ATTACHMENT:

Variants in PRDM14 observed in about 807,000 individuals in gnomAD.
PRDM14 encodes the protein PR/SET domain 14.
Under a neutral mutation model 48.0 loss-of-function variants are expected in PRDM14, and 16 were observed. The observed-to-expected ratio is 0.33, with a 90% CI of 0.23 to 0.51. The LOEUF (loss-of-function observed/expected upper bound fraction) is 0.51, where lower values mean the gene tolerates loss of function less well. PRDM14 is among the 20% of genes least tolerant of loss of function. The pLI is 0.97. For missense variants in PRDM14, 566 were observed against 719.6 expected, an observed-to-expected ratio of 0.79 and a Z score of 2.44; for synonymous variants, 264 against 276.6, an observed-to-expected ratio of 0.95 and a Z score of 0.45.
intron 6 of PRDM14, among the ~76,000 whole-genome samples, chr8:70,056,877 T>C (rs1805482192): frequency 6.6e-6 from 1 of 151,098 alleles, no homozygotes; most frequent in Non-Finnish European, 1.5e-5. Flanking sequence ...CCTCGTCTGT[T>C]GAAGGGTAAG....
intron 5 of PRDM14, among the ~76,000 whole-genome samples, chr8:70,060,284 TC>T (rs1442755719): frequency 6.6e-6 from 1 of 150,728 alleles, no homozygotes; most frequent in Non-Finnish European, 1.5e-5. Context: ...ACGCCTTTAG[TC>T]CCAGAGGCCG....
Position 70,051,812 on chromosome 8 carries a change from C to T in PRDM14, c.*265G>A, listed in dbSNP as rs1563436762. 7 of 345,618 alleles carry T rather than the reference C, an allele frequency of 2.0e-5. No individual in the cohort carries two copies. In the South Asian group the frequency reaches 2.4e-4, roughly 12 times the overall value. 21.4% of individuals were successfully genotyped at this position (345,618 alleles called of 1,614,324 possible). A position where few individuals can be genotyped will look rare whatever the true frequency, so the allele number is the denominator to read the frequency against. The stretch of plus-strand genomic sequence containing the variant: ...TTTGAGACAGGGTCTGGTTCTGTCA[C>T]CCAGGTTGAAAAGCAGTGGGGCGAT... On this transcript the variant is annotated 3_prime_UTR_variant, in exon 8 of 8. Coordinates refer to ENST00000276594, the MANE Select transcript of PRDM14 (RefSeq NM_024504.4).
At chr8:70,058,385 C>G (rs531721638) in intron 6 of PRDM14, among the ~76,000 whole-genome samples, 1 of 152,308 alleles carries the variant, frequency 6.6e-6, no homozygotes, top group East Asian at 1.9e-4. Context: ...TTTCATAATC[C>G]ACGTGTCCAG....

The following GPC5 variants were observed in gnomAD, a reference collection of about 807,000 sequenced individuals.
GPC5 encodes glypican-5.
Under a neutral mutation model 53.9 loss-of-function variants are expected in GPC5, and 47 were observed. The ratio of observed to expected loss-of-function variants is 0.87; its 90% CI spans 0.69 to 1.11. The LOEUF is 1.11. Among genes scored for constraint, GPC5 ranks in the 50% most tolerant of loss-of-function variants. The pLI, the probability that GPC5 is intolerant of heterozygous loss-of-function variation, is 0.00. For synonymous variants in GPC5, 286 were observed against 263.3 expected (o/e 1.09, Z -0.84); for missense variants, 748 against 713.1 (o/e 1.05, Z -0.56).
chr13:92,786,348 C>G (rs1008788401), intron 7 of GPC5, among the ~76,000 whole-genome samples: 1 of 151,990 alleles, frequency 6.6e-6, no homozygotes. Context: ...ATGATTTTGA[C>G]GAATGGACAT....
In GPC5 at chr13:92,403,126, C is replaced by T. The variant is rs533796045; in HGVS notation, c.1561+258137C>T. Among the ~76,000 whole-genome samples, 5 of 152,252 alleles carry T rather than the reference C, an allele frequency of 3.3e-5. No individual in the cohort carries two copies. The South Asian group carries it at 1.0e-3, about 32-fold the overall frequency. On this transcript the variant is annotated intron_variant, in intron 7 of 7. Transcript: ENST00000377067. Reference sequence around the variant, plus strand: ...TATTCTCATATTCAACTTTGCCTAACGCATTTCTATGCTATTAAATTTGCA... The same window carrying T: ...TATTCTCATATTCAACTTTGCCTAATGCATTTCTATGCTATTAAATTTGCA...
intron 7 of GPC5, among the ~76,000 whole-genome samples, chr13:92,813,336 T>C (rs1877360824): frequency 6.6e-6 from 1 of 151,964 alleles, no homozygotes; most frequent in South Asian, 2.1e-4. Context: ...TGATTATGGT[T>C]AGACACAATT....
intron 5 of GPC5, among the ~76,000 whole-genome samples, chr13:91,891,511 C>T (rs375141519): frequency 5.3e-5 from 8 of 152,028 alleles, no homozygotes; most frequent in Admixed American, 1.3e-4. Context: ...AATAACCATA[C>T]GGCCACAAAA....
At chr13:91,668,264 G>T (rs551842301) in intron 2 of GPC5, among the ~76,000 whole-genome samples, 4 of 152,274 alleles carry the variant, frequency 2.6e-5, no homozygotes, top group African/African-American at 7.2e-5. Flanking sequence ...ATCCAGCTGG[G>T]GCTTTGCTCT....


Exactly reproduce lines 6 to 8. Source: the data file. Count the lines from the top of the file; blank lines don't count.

Position 70,051,812 on chromosome 8 carries a change from C to T in PRDM14, c.*265G>A, listed in dbSNP as rs1563436762. 7 of 345,618 alleles carry T rather than the reference C, an allele frequency of 2.0e-5. No individual in the cohort carries two copies. In the South Asian group the frequency reaches 2.4e-4, roughly 12 times the overall value. 21.4% of individuals were successfully genotyped at this position (345,618 alleles called of 1,614,324 possible). A position where few individuals can be genotyped will look rare whatever the true frequency, so the allele number is the denominator to read the frequency against. The stretch of plus-strand genomic sequence containing the variant: ...TTTGAGACAGGGTCTGGTTCTGTCA[C>T]CCAGGTTGAAAAGCAGTGGGGCGAT... On this transcript the variant is annotated 3_prime_UTR_variant, in exon 8 of 8. Coordinates refer to ENST00000276594, the MANE Select transcript of PRDM14 (RefSeq NM_024504.4).
At chr8:70,058,385 C>G (rs531721638) in intron 6 of PRDM14, among the ~76,000 whole-genome samples, 1 of 152,308 alleles carries the variant, frequency 6.6e-6, no homozygotes, top group East Asian at 1.9e-4. Context: ...TTTCATAATC[C>G]ACGTGTCCAG....

The following GPC5 variants were observed in gnomAD, a reference collection of about 807,000 sequenced individuals.